While the EU Common Fisheries Policy has long been blamed for the decline of coastal towns, an uncomfortable truth remains. Reducing the number of European boats fishing in our waters won’t be enough to stem the challenges facing the industry. At their heart, the problems are structural.

Just three companies own two‑thirds of England’s fishing quota. Faced with cartel-like behaviour, small‑scale operators are at a disadvantage when it comes to securing a fair share of the catch. The result has been a steady fall in the size of the UK fishing fleet, with coastal communities for whom fishing is a key part of their identity, falling into decline . It is one thing to declare the UK an ‘independent coastal state’. But it is policymakers who will shape what that means in practice.

The government’s Fisheries Bill provides that opportunity. Too often, existing policy has enabled a fishing industry with little purpose beyond extracting value from coastal communities and delivering it into the pockets of shareholders. It’s time to be much more ambitious than that, realising the huge social, environmental, economic and even cultural value that smaller producers create.

Eastbourne may be best known as a seaside resort, but its fishing industry provides employment to 200 local people. Just under 40 family-owned boats operate out of the harbour, with many having done so for generations. Faced with growing threats to their viability and determined to secure the long-term future of the industry in the town, in 2013, the fishermen came together.

The resulting organisation, Eastbourne Fishermen, is one of 65 co‑operatives in the UK’s fishing sector, which have a combined turnover of £48.1m. As in other sectors such as farming, co‑operative structures enable the fishermen to pool risk and access bigger markets. It also enables the sector to work together to protect the long-term sustainability of the UK’s seas.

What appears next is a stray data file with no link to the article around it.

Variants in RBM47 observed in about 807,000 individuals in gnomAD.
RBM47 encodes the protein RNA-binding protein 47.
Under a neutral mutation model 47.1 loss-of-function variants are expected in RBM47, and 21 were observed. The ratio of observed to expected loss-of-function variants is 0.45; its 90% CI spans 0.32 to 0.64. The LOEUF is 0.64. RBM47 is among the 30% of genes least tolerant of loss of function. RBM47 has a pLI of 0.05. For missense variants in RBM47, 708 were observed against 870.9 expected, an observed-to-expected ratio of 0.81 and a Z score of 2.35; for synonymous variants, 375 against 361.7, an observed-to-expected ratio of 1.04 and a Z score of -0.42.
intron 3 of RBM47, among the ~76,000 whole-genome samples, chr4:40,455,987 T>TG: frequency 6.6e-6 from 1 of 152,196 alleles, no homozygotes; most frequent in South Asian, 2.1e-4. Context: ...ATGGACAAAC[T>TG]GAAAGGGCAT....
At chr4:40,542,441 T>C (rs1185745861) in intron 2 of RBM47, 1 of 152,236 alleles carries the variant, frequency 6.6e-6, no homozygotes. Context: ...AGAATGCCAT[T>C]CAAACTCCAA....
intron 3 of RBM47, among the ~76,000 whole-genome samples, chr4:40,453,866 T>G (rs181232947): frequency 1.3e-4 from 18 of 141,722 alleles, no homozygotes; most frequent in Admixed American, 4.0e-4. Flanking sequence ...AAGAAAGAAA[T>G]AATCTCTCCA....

Much of Eastbourne Fishermen’s catch is caught and landed on the same day and sold locally, while the rest ends up on the tables of some of top restaurants across the UK and further afield. At the centre of the the organisation’s ambitions are plans for a new Fisherman’s Quay, based on purchasing and developing a site in the Sovereign Harbour area of the town. On it, they hope to develop a facility to produce their own ice and process their own fish, increasing the value of the catch and creating jobs. It will also enable them to directly supply local customers including schools, hospitals and the local council.

The project is a good example of the ways in which co-operatives can support the financial viability of small-scale fishermen, realising the social and economic value they create.

There are wider benefits too. Fishing co‑operatives can play an important role in reducing competition for diminishing stocks. Through co-operation, fishermen can negotiate systems of management and control between themselves. In doing so, they secure a viable future for fisheries and the industry itself.

The Fisheries Bill is currently passing through Parliament. Through an amendment to the Bill, Co-operative MPs, including Shadow Fisheries Minister Luke Pollard are working to ensure co-operatives play a key role in that vision.

The plans are part of Labour’s plan to double the size of the Co-operative sector, a pledge that has already driven policy announcements in areas a wide as education, agriculture and energy.

The fisheries amendment would place new duties on the Environment Secretary to support the development of co-operatives businesses involved in all aspects of the fishing industry. ­Support would be given to existing fishing co‑operatives to grow, and to new co-operatives to start up. It would target particular support at coastal towns where fishing has been in steepest decline.

Fishing is at the heart of the economies and identities of communities across the country. To ensure that remains the case, it’s time to spread wealth and ownership.